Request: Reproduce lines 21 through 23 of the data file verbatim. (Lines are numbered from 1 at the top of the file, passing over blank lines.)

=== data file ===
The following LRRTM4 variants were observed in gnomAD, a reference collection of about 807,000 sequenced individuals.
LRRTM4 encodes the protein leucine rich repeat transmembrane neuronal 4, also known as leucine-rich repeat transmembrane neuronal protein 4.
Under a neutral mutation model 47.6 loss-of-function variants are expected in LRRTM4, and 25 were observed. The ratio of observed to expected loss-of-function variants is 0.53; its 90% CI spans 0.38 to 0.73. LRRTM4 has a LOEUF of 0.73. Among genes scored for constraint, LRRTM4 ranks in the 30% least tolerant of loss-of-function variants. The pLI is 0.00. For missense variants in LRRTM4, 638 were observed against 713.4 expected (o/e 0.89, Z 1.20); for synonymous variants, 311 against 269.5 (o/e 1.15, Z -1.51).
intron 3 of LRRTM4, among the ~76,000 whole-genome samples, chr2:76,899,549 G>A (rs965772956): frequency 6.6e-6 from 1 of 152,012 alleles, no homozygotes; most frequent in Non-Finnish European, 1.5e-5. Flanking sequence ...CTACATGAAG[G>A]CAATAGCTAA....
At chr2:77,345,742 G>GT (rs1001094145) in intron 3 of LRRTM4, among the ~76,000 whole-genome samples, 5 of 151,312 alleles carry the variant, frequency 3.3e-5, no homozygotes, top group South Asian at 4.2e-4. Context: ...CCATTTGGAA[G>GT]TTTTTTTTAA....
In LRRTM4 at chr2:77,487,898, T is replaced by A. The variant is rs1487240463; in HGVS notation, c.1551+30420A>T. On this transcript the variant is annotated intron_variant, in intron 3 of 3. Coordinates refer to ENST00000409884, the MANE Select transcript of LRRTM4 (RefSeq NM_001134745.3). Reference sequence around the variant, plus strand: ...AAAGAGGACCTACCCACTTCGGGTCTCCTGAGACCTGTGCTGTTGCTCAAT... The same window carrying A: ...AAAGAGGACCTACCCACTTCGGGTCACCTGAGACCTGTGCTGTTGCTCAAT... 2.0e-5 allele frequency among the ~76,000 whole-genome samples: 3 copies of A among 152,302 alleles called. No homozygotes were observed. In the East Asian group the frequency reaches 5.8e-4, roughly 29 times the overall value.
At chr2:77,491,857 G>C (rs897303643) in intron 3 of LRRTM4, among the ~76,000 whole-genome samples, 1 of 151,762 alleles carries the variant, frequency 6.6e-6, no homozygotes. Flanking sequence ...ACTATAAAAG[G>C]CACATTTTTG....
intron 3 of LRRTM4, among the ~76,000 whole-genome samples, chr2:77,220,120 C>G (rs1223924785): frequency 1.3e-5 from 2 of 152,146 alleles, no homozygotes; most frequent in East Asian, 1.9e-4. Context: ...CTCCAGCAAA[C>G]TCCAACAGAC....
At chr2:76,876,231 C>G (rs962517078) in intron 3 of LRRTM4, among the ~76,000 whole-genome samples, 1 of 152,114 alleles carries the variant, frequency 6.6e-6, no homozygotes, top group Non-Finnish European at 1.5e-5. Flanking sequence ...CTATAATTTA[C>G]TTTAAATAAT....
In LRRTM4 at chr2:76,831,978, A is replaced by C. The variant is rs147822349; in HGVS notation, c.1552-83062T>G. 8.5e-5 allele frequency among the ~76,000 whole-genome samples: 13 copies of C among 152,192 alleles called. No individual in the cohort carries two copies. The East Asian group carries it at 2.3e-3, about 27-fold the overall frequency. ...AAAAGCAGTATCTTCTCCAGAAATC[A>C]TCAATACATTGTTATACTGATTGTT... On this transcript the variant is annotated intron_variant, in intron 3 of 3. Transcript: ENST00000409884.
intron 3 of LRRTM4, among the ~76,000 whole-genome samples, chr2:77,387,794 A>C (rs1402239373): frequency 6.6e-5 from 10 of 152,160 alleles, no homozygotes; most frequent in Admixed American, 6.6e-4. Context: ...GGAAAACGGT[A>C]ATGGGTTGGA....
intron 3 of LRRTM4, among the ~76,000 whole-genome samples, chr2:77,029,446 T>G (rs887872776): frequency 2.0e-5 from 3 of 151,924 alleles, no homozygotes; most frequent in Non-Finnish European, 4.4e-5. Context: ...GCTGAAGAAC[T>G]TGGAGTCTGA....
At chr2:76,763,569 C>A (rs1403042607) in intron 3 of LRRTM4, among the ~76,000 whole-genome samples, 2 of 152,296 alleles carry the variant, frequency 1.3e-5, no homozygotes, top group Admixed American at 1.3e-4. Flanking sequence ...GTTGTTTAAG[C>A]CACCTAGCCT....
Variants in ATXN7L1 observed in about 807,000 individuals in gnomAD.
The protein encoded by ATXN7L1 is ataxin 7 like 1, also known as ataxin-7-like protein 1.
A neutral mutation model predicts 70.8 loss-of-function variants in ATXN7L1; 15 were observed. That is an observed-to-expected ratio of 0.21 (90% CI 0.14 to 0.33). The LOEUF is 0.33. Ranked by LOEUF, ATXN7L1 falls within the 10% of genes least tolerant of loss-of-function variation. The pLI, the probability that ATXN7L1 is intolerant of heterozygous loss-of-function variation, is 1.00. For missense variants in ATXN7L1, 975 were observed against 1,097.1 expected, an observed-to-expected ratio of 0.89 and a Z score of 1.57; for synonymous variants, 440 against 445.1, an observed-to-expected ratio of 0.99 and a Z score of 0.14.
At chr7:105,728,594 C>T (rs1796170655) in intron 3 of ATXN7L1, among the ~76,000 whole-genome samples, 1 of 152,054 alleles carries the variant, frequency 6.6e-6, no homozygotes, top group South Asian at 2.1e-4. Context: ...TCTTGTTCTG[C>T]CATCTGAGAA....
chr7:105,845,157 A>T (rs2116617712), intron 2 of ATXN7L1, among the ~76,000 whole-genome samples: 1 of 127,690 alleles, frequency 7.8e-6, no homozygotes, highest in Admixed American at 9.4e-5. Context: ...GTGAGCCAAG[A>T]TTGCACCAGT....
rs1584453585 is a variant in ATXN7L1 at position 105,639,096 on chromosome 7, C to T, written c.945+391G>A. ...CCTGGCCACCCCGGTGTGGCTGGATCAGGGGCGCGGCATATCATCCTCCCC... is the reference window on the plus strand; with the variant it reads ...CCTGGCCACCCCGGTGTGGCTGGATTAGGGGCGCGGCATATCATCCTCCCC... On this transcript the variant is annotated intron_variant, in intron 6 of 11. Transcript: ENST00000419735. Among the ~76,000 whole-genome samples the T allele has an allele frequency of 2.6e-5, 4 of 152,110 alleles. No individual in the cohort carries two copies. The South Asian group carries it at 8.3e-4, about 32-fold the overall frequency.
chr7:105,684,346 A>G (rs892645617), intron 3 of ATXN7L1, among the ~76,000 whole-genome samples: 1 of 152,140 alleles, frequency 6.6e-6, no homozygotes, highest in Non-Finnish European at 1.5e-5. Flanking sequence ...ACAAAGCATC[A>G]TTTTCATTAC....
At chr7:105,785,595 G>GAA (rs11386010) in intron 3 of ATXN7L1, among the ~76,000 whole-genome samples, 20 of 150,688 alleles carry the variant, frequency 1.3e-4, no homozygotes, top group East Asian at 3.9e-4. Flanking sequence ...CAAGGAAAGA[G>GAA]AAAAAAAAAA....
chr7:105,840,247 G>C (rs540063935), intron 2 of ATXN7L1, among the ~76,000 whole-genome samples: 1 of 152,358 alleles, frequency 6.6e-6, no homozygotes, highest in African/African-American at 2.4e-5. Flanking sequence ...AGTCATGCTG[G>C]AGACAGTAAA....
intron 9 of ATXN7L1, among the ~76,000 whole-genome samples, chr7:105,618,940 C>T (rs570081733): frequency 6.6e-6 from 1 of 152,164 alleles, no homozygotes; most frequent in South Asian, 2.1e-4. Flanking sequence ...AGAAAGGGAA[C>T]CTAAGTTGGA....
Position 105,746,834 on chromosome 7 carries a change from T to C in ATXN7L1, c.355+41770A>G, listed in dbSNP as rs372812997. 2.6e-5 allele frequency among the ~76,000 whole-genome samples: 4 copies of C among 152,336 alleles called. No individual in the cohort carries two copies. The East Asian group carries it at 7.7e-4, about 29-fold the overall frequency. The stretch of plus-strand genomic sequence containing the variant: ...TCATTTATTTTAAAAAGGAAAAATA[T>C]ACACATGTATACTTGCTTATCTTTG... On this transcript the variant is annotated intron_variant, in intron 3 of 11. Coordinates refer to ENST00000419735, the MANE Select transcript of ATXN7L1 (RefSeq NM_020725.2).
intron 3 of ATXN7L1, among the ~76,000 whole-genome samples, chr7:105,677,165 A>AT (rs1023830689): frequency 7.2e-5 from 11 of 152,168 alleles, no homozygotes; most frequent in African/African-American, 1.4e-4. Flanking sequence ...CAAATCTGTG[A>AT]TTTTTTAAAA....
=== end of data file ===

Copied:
At chr7:105,785,595 G>GAA (rs11386010) in intron 3 of ATXN7L1, among the ~76,000 whole-genome samples, 20 of 150,688 alleles carry the variant, frequency 1.3e-4, no homozygotes, top group East Asian at 3.9e-4. Flanking sequence ...CAAGGAAAGA[G>GAA]AAAAAAAAAA....
chr7:105,840,247 G>C (rs540063935), intron 2 of ATXN7L1, among the ~76,000 whole-genome samples: 1 of 152,358 alleles, frequency 6.6e-6, no homozygotes, highest in African/African-American at 2.4e-5. Flanking sequence ...AGTCATGCTG[G>C]AGACAGTAAA....
intron 9 of ATXN7L1, among the ~76,000 whole-genome samples, chr7:105,618,940 C>T (rs570081733): frequency 6.6e-6 from 1 of 152,164 alleles, no homozygotes; most frequent in South Asian, 2.1e-4. Flanking sequence ...AGAAAGGGAA[C>T]CTAAGTTGGA....